Hopp til hovedteksten

News archive - January

Published: 03.02.2009 - Updated: 11.06.2009
map_fedje_submarine540px.jpg

Monitoring fish and shellfish around submarine wreck

Even if the wreck of the U 864 is raised, and a three hectare area of the seabed is covered with sand, it will be necessary to monitor the site for a number of years. The Institute of Marine Research and NIFES will continue to do so in order to ensure that mercury does not leak out from the covered sediments.

Published: 03.02.2009 - Updated: 10.06.2009
Fishing_boat

Immediate action on ocean acidification

Scientists fromthe Institute of Marine Research strongly recommend this international report on ocean acidification. The participants in Monaco made a thorough survey on accessible evidence of the seriousness of ocean acidification.

Published: 02.02.2009 - Updated: 10.06.2009
PhDs 2008

PhDs at a record high

In 2008 seven women and four men finished their PhD at the Institute of Marine Research. This is a new record, also when it comes to women

 

Published: 03.02.2009 - Updated: 11.06.2009
Map372.jpg

Continuing decline in levels of technetium-99 along the coast

Emissions of technetium-99 (Tc-99) from the British nuclear reprocessing facility at Sellafield were reduced in 2004. Now the levels of this radioactive element are also falling in sea water and in kelp and lobster along the Norwegian coast, according to a new report. Provided that last week’s leak from the facility was small, it is likely that levels will continue falling.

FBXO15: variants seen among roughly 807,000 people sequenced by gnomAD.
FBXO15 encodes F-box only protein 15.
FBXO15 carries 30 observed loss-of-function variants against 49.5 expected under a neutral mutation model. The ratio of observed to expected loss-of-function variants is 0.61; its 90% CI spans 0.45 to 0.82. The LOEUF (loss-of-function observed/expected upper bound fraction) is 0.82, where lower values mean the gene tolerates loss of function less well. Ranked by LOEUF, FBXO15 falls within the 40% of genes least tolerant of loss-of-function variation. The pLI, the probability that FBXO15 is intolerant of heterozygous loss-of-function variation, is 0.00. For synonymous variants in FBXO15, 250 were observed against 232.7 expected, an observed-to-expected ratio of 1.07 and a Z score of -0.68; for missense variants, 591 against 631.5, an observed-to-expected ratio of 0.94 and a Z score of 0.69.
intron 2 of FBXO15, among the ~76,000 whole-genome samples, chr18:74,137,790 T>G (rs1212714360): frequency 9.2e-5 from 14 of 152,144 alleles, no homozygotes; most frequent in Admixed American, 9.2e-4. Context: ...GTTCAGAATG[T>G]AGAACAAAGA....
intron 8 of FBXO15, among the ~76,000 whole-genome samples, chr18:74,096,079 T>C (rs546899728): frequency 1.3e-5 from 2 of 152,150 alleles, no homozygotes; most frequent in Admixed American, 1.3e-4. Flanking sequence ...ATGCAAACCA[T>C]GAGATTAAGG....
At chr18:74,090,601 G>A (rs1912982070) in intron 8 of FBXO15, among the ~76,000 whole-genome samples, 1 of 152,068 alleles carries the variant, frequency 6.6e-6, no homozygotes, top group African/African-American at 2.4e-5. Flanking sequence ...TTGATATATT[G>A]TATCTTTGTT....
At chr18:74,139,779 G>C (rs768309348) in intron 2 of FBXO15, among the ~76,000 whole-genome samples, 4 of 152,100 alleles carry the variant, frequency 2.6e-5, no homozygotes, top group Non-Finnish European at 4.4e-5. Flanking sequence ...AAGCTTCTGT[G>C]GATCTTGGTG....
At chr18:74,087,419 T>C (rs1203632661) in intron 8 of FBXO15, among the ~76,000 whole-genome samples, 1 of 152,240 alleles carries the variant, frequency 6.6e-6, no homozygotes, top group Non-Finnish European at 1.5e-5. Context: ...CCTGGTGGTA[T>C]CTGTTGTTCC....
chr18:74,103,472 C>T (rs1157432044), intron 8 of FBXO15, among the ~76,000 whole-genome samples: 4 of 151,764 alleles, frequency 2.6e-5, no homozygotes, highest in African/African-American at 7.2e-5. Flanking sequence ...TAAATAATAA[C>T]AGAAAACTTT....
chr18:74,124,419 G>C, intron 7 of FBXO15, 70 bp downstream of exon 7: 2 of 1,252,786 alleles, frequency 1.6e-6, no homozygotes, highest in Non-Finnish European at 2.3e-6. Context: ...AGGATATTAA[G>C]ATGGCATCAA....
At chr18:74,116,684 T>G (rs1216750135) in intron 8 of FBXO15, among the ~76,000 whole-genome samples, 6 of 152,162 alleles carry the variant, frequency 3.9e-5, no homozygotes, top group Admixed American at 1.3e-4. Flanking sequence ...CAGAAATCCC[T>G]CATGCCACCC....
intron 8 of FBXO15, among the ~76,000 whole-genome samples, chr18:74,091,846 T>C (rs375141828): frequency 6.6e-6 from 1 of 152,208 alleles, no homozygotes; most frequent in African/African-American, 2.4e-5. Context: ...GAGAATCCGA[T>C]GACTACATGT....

Published: 02.02.2009 - Updated: 10.06.2009
Lab_3_AWPetersen372.jpg

38 additional millions to IMR

The Norwegian Government has provided the Institute of Marine Research with NOK 38 million. - This will help us solve many of our challenges. New infrastructure will be of great support to existing and future research, says Tore Nepstad, managing director at the Institute of Marine Research.

 

Published: 06.02.2009 - Updated: 10.06.2009
The autostrada of the capelin

Solved the capelin secret

From its feeding grounds north in the Barents Sea, capelin in late winter makes the dangerous migration towards the coast to spawn - to many the "last journey". Large schoals are first gathering in the north. But then they vanish into thin air. A month later the capelin emerges close to the coast. Until now it has been unknown how the capelin can make this migration without becoming predator food. But yesterday we probably found the answer.